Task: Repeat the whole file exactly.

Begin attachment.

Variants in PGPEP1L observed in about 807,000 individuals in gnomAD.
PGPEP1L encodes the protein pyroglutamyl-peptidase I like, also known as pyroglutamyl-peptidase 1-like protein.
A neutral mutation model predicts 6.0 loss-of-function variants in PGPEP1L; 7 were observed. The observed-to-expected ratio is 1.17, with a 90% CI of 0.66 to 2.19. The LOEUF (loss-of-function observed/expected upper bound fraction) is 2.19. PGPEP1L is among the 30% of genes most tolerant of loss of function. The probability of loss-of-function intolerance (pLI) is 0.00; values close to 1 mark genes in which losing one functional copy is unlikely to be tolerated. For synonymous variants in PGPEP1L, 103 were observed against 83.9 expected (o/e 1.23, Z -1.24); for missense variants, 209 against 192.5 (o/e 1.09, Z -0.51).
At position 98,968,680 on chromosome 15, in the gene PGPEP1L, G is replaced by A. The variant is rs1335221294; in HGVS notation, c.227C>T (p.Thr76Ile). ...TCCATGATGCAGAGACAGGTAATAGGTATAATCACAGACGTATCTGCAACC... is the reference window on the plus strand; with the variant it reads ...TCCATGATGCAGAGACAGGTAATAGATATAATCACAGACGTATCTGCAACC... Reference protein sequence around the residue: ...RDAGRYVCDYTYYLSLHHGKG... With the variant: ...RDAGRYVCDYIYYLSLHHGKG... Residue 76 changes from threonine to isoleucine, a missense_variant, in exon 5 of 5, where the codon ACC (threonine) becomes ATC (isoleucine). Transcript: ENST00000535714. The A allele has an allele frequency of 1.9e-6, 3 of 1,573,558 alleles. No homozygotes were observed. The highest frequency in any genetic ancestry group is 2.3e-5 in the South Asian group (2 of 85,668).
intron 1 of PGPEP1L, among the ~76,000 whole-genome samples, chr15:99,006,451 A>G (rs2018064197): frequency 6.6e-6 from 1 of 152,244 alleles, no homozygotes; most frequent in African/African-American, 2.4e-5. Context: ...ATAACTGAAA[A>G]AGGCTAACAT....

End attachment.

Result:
Variants in PGPEP1L observed in about 807,000 individuals in gnomAD.
PGPEP1L encodes the protein pyroglutamyl-peptidase I like, also known as pyroglutamyl-peptidase 1-like protein.
A neutral mutation model predicts 6.0 loss-of-function variants in PGPEP1L; 7 were observed. The observed-to-expected ratio is 1.17, with a 90% CI of 0.66 to 2.19. The LOEUF (loss-of-function observed/expected upper bound fraction) is 2.19. PGPEP1L is among the 30% of genes most tolerant of loss of function. The probability of loss-of-function intolerance (pLI) is 0.00; values close to 1 mark genes in which losing one functional copy is unlikely to be tolerated. For synonymous variants in PGPEP1L, 103 were observed against 83.9 expected (o/e 1.23, Z -1.24); for missense variants, 209 against 192.5 (o/e 1.09, Z -0.51).
At position 98,968,680 on chromosome 15, in the gene PGPEP1L, G is replaced by A. The variant is rs1335221294; in HGVS notation, c.227C>T (p.Thr76Ile). ...TCCATGATGCAGAGACAGGTAATAGGTATAATCACAGACGTATCTGCAACC... is the reference window on the plus strand; with the variant it reads ...TCCATGATGCAGAGACAGGTAATAGATATAATCACAGACGTATCTGCAACC... Reference protein sequence around the residue: ...RDAGRYVCDYTYYLSLHHGKG... With the variant: ...RDAGRYVCDYIYYLSLHHGKG... Residue 76 changes from threonine to isoleucine, a missense_variant, in exon 5 of 5, where the codon ACC (threonine) becomes ATC (isoleucine). Transcript: ENST00000535714. The A allele has an allele frequency of 1.9e-6, 3 of 1,573,558 alleles. No homozygotes were observed. The highest frequency in any genetic ancestry group is 2.3e-5 in the South Asian group (2 of 85,668).
intron 1 of PGPEP1L, among the ~76,000 whole-genome samples, chr15:99,006,451 A>G (rs2018064197): frequency 6.6e-6 from 1 of 152,244 alleles, no homozygotes; most frequent in African/African-American, 2.4e-5. Context: ...ATAACTGAAA[A>G]AGGCTAACAT....